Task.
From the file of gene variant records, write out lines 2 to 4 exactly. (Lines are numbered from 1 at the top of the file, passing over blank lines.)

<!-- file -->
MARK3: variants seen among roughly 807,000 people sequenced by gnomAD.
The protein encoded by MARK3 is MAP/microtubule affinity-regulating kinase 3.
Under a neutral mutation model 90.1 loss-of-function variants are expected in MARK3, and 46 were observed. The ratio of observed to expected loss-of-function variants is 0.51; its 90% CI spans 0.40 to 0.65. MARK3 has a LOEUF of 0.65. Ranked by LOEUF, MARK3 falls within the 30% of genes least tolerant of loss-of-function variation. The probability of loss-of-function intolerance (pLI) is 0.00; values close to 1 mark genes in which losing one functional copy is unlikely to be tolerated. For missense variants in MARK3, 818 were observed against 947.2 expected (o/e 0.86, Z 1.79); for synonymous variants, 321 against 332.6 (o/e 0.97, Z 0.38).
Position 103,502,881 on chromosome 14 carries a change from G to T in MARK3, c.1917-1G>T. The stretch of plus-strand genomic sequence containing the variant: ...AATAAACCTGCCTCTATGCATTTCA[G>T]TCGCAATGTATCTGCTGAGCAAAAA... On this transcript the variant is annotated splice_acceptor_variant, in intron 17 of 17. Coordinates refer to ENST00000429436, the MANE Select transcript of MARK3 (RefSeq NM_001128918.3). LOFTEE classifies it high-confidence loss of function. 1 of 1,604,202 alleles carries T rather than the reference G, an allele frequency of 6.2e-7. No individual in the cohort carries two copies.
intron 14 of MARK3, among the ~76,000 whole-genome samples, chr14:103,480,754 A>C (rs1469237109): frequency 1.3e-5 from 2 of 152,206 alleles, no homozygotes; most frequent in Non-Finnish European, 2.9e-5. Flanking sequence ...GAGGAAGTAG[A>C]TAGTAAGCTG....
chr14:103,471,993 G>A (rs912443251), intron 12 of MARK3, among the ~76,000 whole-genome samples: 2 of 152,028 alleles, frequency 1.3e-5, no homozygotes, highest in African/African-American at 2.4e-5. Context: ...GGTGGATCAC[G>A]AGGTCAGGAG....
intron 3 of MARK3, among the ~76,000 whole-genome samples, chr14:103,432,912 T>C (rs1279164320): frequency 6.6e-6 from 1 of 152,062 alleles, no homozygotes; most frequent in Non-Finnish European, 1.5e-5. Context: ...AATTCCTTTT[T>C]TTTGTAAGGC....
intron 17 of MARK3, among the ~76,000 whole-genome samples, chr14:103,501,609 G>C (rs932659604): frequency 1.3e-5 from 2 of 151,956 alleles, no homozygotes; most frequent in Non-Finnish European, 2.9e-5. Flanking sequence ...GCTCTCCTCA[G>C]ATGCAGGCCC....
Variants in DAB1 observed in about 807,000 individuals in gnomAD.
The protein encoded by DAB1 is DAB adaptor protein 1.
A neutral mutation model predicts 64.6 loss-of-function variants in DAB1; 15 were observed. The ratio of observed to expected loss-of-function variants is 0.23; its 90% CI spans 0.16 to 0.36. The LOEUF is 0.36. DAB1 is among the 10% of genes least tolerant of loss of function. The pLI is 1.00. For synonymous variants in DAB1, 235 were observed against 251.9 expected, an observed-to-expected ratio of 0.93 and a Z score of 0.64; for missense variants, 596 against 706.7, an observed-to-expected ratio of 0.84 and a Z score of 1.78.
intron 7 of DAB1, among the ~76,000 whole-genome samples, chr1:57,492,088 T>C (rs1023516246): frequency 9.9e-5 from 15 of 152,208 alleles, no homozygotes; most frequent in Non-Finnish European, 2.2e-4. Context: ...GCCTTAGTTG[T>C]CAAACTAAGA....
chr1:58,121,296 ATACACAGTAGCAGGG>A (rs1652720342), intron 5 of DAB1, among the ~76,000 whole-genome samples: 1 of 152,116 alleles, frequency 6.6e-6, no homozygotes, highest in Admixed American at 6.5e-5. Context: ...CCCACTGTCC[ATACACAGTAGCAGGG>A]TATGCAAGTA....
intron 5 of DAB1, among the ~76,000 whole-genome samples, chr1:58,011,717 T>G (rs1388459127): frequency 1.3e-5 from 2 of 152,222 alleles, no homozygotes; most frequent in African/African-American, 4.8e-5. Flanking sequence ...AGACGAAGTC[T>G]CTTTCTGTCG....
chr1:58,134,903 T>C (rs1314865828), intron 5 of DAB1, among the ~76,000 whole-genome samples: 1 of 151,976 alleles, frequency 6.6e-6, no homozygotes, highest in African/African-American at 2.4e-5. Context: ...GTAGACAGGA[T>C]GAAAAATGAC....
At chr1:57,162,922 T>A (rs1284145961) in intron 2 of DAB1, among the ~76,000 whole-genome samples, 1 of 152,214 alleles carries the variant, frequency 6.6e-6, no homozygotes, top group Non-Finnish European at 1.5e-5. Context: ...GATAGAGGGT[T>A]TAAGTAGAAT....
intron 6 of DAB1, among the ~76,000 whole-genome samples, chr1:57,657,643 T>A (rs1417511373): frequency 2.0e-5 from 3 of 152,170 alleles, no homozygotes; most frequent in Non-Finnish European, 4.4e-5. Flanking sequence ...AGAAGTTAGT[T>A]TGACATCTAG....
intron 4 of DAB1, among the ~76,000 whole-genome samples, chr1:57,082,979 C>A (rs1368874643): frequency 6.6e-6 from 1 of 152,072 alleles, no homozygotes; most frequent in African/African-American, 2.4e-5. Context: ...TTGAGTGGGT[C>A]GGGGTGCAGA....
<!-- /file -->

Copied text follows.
The protein encoded by MARK3 is MAP/microtubule affinity-regulating kinase 3.
Under a neutral mutation model 90.1 loss-of-function variants are expected in MARK3, and 46 were observed. The ratio of observed to expected loss-of-function variants is 0.51; its 90% CI spans 0.40 to 0.65. MARK3 has a LOEUF of 0.65. Ranked by LOEUF, MARK3 falls within the 30% of genes least tolerant of loss-of-function variation. The probability of loss-of-function intolerance (pLI) is 0.00; values close to 1 mark genes in which losing one functional copy is unlikely to be tolerated. For missense variants in MARK3, 818 were observed against 947.2 expected (o/e 0.86, Z 1.79); for synonymous variants, 321 against 332.6 (o/e 0.97, Z 0.38).
Position 103,502,881 on chromosome 14 carries a change from G to T in MARK3, c.1917-1G>T. The stretch of plus-strand genomic sequence containing the variant: ...AATAAACCTGCCTCTATGCATTTCA[G>T]TCGCAATGTATCTGCTGAGCAAAAA... On this transcript the variant is annotated splice_acceptor_variant, in intron 17 of 17. Coordinates refer to ENST00000429436, the MANE Select transcript of MARK3 (RefSeq NM_001128918.3). LOFTEE classifies it high-confidence loss of function. 1 of 1,604,202 alleles carries T rather than the reference G, an allele frequency of 6.2e-7. No individual in the cohort carries two copies.